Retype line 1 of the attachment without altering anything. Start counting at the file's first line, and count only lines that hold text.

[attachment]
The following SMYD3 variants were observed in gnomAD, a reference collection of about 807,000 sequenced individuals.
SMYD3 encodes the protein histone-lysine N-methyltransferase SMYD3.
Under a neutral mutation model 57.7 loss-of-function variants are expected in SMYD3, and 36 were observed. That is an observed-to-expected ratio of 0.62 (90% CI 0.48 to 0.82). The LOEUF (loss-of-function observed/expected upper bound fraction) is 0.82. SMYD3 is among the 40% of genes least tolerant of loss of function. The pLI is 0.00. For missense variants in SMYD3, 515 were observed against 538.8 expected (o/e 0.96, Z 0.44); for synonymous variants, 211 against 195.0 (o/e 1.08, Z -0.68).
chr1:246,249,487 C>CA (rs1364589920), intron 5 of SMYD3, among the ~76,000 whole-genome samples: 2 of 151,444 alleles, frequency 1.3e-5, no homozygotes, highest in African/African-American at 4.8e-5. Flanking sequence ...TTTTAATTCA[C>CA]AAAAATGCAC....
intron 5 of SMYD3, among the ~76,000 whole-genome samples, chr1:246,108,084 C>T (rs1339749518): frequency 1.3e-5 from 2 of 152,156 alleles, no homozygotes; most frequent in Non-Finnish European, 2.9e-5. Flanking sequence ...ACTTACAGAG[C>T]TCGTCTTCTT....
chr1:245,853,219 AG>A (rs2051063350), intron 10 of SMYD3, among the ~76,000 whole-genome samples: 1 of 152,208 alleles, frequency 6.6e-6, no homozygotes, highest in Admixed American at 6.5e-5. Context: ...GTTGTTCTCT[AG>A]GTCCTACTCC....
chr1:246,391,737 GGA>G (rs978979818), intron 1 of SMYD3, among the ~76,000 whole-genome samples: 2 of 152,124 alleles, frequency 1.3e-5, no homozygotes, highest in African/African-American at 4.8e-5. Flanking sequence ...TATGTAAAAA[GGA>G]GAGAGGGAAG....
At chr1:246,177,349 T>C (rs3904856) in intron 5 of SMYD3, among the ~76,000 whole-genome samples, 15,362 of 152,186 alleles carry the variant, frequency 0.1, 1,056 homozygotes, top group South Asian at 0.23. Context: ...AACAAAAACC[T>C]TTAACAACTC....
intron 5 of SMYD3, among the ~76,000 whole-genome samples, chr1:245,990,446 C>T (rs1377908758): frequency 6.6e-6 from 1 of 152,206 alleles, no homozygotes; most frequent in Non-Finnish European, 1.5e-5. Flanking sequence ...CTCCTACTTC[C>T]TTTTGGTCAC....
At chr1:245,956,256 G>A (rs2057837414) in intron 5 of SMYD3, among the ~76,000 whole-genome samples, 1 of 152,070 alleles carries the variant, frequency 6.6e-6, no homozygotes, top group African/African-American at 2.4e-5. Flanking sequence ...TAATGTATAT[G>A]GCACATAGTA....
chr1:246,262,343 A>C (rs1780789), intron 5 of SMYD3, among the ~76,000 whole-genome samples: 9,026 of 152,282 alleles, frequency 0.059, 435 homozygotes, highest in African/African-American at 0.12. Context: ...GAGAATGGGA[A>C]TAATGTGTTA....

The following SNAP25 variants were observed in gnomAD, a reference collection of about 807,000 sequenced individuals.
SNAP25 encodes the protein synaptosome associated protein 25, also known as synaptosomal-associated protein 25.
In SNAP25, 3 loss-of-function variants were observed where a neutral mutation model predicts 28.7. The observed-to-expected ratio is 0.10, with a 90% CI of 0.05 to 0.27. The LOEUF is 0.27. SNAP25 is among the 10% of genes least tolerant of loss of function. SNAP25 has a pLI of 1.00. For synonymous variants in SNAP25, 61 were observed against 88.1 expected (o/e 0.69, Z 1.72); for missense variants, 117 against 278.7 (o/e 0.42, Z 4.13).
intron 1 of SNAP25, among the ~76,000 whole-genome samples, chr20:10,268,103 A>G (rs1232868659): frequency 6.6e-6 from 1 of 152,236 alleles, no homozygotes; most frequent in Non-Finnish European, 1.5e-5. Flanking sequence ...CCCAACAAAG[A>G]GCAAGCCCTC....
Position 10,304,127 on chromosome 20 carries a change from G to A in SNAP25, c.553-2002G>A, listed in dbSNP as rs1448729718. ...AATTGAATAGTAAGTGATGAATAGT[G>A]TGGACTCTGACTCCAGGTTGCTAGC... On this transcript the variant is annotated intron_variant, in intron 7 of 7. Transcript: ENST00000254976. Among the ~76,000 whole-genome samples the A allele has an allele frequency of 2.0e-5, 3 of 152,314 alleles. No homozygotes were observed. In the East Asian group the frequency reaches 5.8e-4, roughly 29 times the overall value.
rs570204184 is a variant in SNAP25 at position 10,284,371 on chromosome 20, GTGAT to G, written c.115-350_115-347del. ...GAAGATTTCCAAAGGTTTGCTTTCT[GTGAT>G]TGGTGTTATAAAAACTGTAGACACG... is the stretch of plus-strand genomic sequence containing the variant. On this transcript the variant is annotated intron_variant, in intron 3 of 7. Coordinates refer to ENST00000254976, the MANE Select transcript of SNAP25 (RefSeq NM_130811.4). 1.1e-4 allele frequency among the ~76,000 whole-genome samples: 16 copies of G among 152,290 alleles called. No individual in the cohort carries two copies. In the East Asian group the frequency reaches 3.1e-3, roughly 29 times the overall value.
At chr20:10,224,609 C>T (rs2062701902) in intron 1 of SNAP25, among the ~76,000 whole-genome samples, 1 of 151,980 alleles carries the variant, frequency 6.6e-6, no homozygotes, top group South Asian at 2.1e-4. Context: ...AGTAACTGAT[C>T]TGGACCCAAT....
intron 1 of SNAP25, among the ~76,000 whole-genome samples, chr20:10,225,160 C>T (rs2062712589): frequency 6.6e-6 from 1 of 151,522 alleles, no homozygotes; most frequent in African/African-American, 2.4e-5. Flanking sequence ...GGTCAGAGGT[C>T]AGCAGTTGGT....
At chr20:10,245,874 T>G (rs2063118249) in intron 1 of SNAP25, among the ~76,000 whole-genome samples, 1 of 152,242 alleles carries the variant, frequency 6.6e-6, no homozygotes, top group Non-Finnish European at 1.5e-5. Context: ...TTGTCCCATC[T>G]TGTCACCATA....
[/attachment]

The following SMYD3 variants were observed in gnomAD, a reference collection of about 807,000 sequenced individuals.